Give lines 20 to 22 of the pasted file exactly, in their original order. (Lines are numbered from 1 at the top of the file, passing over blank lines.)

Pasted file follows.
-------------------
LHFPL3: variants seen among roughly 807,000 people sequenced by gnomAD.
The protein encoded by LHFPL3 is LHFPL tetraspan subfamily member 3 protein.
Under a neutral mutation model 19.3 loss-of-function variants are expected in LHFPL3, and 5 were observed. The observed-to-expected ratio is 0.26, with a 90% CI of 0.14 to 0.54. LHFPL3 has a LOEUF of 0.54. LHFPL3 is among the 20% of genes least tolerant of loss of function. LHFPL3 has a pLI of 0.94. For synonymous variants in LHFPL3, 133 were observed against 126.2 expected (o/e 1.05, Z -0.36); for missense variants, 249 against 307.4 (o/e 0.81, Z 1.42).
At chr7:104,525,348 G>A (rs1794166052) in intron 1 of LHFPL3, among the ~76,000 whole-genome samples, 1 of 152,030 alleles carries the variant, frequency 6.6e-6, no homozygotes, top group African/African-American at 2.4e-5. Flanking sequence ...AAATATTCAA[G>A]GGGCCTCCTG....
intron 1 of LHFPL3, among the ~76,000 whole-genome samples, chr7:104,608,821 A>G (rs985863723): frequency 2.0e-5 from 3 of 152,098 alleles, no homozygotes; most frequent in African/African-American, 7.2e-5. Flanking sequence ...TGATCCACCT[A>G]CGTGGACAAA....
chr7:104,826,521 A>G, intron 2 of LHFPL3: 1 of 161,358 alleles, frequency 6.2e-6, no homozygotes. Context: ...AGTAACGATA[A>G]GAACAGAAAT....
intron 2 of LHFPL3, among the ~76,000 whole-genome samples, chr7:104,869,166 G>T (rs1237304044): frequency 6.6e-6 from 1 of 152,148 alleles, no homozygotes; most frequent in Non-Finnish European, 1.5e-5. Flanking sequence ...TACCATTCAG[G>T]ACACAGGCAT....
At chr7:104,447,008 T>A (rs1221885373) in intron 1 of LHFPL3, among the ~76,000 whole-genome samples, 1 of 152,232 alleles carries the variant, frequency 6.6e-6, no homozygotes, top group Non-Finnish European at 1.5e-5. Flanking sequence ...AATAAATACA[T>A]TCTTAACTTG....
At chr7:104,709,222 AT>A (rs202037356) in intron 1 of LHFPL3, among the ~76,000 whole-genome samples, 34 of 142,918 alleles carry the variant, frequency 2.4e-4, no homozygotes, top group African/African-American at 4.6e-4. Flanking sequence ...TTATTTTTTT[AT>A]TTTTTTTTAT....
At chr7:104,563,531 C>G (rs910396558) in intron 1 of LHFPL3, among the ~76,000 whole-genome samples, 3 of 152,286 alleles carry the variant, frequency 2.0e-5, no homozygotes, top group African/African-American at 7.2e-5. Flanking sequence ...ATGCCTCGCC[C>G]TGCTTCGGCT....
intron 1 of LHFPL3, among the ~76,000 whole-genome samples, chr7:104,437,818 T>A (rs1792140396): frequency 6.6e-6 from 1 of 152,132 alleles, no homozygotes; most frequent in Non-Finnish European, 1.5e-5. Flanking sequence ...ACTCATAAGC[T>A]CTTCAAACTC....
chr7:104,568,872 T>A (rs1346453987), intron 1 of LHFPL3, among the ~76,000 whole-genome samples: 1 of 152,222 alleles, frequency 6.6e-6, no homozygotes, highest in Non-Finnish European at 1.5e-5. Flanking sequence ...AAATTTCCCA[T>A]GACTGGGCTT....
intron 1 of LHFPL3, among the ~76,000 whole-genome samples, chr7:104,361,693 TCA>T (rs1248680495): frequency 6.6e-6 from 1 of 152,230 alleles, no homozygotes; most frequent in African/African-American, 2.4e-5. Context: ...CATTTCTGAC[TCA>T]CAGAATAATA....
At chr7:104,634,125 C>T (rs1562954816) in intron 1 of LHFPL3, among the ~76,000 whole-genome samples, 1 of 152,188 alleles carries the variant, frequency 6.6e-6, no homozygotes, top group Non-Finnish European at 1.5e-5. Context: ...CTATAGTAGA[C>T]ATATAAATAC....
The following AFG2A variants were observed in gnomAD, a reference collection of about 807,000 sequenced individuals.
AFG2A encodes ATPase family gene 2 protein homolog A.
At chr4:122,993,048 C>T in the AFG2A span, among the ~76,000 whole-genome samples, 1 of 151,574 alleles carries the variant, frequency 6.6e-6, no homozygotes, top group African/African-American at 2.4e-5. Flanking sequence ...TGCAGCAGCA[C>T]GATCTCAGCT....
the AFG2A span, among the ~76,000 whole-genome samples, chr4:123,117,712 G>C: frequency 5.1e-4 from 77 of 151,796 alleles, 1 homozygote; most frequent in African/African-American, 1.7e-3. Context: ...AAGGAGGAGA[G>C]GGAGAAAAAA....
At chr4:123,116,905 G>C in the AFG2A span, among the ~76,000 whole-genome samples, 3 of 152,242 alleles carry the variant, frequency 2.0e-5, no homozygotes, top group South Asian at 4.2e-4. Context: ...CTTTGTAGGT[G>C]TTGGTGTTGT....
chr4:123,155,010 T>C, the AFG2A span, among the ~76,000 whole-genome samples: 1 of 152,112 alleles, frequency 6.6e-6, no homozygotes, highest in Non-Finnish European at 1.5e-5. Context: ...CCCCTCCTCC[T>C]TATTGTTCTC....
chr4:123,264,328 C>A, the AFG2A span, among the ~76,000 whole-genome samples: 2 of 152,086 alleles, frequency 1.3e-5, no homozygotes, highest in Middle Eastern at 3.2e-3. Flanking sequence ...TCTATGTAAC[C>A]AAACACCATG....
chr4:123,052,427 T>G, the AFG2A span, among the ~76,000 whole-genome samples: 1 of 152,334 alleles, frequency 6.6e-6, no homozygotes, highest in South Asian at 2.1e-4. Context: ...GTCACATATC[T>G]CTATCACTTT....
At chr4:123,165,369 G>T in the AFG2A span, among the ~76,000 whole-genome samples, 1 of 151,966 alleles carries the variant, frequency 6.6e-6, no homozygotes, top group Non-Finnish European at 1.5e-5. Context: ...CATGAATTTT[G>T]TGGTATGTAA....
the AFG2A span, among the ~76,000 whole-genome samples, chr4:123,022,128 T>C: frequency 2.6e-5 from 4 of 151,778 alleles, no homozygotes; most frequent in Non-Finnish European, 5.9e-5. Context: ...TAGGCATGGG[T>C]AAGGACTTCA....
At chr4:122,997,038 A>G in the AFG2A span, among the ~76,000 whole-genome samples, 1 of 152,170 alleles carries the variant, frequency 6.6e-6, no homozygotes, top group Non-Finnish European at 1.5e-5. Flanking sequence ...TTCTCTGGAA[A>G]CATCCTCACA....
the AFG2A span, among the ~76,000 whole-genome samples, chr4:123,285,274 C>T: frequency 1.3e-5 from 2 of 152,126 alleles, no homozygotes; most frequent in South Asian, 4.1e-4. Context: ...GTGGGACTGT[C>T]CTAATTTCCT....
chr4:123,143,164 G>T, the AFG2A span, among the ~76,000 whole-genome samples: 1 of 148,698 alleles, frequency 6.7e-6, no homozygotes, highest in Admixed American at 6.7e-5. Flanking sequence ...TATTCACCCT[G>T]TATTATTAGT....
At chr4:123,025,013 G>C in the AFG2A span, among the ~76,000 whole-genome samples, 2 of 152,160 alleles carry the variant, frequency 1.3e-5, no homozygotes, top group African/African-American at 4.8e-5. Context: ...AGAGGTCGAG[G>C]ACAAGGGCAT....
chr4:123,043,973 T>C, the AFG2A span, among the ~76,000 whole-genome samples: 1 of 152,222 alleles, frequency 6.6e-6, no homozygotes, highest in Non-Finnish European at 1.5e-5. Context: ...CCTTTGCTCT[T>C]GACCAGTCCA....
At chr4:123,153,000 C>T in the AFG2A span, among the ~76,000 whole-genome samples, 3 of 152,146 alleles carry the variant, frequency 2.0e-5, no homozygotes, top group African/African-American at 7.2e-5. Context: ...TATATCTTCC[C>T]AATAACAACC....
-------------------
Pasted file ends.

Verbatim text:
chr4:123,155,010 T>C, the AFG2A span, among the ~76,000 whole-genome samples: 1 of 152,112 alleles, frequency 6.6e-6, no homozygotes, highest in Non-Finnish European at 1.5e-5. Context: ...CCCCTCCTCC[T>C]TATTGTTCTC....
chr4:123,264,328 C>A, the AFG2A span, among the ~76,000 whole-genome samples: 2 of 152,086 alleles, frequency 1.3e-5, no homozygotes, highest in Middle Eastern at 3.2e-3. Flanking sequence ...TCTATGTAAC[C>A]AAACACCATG....
chr4:123,052,427 T>G, the AFG2A span, among the ~76,000 whole-genome samples: 1 of 152,334 alleles, frequency 6.6e-6, no homozygotes, highest in South Asian at 2.1e-4. Context: ...GTCACATATC[T>G]CTATCACTTT....